Etching Process

Etching metal plates is a bit of a tricky one as if at any stage of the process including everything from placing etching ground handling of plate, quality of drawing line correct judgement of etching time. If anything at all is not relatively accurate the results will show on the printing stage no doubt about it. If you are a perfectionist regarding your results and you are fairly new to etching it would probably be best if you can run a test plate first, especially for times line etching and for aquatint shading.

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Drawing on Soft Ground

I was trying to copy my drawing on soft ground using a biro over a photocopied image.

On my first attempt I pulled back the paper to find that I had pressed too hard and unevenly. I decided to roll out the ground again and started with a different finer pen and continued with this although I thought it was a bit light as I was trying not to change pressure and end up with an uneven line. I suppose I was thinking that I could go over the marks later with the etching needle but of course this is tricky and not only risks getting double li nes but is twice the work and will end up like a line etched through hardground anyway not a soft line effect.

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Working with Two Etching Plates

I was inspired to try out a two plate print process with the promise of vibrant interaction between two colours. All set to upstage the single plate process I prepared one soft ground plate with lace pattern and then another plate with hard ground to copy drawing of flower into. I was advised that it would be difficult for the fine line flower drawing to compete with the lace patterned plate and that it would be best to etch the drawing a little more deeply than normal so that the etched line would hold more ink to print with and therefore stand out more against the pattern, I had hoped.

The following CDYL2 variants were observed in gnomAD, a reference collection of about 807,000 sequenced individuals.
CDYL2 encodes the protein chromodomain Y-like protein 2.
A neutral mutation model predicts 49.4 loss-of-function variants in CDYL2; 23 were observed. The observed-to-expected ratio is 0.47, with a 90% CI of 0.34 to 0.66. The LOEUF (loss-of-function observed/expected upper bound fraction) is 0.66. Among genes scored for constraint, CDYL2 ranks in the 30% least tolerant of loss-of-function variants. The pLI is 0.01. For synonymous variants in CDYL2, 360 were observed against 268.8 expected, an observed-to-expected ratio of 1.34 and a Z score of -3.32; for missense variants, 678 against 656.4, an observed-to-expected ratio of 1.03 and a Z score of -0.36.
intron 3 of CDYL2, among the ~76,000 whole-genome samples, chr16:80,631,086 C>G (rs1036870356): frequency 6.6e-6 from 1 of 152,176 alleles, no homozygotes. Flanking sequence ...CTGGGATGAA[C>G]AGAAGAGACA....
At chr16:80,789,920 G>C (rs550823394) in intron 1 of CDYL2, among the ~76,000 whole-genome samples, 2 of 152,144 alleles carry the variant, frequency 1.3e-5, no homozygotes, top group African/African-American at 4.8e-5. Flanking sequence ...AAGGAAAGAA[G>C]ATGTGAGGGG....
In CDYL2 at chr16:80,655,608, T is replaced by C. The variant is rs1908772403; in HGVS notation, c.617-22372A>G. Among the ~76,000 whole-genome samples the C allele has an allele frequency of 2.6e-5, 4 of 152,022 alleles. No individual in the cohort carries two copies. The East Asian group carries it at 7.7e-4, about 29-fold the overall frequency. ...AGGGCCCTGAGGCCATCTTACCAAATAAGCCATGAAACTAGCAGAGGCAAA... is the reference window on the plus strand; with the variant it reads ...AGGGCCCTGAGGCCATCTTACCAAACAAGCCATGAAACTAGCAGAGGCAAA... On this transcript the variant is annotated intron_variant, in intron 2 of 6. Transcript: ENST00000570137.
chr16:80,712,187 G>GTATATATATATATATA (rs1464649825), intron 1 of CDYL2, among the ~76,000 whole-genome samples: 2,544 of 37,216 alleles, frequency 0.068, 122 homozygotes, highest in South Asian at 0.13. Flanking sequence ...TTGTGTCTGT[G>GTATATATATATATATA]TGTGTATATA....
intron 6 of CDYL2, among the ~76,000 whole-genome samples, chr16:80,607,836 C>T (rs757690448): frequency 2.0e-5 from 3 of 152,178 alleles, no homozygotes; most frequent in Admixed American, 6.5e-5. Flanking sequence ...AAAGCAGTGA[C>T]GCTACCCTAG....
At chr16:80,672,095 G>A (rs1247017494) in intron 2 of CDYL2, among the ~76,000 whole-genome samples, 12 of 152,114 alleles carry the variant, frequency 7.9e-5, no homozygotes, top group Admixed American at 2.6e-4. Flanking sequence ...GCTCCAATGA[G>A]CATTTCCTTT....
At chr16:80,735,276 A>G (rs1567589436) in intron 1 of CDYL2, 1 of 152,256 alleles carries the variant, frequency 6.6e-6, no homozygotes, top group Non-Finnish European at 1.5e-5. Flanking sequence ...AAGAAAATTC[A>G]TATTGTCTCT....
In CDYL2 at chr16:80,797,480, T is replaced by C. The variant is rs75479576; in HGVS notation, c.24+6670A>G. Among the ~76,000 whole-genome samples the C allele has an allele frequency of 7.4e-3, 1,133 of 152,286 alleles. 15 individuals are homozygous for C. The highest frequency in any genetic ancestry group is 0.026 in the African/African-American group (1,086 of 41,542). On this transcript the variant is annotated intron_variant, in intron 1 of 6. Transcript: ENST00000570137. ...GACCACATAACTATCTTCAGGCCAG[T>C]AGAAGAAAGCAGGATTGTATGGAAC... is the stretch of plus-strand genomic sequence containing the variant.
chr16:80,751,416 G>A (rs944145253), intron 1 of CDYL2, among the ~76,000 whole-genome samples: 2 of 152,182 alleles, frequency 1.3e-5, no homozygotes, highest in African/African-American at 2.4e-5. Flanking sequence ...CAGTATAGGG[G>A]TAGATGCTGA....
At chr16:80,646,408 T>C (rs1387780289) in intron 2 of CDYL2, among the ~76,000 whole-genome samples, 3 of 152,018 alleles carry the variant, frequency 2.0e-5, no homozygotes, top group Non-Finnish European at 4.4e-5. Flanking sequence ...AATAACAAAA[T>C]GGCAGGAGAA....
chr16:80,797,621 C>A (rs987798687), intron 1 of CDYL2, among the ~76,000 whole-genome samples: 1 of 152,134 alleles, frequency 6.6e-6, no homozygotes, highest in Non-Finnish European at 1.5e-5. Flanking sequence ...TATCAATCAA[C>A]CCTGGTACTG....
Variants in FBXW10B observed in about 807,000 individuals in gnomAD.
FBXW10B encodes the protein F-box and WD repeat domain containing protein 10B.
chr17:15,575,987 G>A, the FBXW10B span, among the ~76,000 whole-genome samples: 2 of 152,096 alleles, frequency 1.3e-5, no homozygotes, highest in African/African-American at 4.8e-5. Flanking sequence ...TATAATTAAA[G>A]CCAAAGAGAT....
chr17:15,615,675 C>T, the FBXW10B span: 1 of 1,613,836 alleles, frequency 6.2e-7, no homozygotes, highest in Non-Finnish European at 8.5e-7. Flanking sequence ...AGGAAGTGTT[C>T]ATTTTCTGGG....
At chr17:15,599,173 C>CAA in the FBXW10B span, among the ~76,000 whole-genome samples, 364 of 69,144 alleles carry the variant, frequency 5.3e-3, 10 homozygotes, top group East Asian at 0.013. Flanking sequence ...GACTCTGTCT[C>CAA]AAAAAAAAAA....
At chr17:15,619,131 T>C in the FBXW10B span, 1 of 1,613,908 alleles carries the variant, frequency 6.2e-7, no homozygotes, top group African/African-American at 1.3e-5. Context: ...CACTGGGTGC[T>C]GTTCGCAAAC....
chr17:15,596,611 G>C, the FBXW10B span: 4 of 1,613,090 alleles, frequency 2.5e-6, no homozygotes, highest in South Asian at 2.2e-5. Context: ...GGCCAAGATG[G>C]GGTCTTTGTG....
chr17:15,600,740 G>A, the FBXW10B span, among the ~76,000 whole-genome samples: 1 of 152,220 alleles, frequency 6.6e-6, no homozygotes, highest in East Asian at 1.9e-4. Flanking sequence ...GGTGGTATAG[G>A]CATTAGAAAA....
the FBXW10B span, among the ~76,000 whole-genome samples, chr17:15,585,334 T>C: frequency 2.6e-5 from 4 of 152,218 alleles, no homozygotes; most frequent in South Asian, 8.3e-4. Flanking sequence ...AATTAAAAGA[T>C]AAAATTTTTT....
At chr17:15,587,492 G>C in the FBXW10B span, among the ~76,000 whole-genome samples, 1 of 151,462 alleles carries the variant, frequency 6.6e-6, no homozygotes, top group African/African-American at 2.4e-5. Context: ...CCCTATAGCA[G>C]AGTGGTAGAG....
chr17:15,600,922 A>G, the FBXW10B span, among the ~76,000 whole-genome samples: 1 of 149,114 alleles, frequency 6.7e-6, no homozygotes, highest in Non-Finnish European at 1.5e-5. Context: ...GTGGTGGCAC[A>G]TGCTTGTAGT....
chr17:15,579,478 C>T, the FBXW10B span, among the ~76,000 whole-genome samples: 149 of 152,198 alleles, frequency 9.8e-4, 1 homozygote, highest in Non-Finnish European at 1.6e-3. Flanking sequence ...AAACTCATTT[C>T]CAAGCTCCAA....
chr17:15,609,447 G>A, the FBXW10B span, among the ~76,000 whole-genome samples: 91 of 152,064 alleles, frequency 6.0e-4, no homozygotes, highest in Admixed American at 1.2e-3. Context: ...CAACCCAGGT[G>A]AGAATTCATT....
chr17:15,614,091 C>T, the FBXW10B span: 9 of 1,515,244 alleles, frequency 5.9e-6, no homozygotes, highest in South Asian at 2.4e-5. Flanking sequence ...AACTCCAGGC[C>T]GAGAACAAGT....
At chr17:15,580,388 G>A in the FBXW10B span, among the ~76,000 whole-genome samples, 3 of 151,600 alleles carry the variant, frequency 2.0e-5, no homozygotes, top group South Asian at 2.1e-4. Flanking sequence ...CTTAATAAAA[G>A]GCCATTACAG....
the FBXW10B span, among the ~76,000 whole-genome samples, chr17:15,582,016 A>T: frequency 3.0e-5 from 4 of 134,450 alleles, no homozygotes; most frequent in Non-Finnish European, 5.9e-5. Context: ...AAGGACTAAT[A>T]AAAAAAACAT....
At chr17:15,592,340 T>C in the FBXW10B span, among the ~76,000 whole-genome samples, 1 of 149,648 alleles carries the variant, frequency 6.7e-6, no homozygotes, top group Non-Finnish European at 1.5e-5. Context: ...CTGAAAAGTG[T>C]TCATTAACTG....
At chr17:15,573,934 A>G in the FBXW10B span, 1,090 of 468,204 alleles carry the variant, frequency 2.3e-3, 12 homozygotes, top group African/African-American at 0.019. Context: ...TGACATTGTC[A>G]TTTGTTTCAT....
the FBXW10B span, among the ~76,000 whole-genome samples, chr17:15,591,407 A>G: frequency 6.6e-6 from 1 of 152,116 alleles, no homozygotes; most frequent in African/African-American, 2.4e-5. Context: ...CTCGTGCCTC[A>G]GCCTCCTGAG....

In reality this did not happen. The line drawing etching was so fine, that even a substantially different colour did not make the printed etched line stand out clearly enough. Even attempts at fading background colour for pattern were unsuccessful. Colours I used on the zinc plates altered while inking plates significantly and results were altogether very disappointing.

I felt disheartened that the merging of two plates into one while needing twice the effort provided even less of a result in my mind. The expectations of vibrancy dwindled twofold.

After some time had elapsed I tried the experiment again. Although with hindsight a much thicker line would have been more appropriate, it would have been too difficult to draw a thicker line with a very fine drawing tool so I just tried to widen it a little by using a carefully aligned back and forth movement with the etching needle. I had tried filing down cheap nail tools to a wider thickness but the quality of the metal surface did not remove hard ground cleanly and accurately enough.

I intended to etch the line to a sufficient depth but the appearance of the etched line with wax still on did not seem too deep, but on removal of ground it was more so. On top of this to get the line to print sufficiently I had to use 10 sheets of newsprint to pack the plate through the press ensuring enough pressure.

Results slightly thicker line but still disappointing. Fading background colour too feeble a colour result. Again I was not satisfied with these prints, despite my efforts, which I felt were in vain.

On top of the above and with quite accurately matching plate sizes I tried the trapped paper method of printing two plates where the second plate is replaced in exactly the same position as the first for accurate registraton. This and other methods have not proved successful to me even using flat square angle. I have seen it done successfully by another who showed me the method but with me it seems that paper stretch has been the possible culprit or so it seems.

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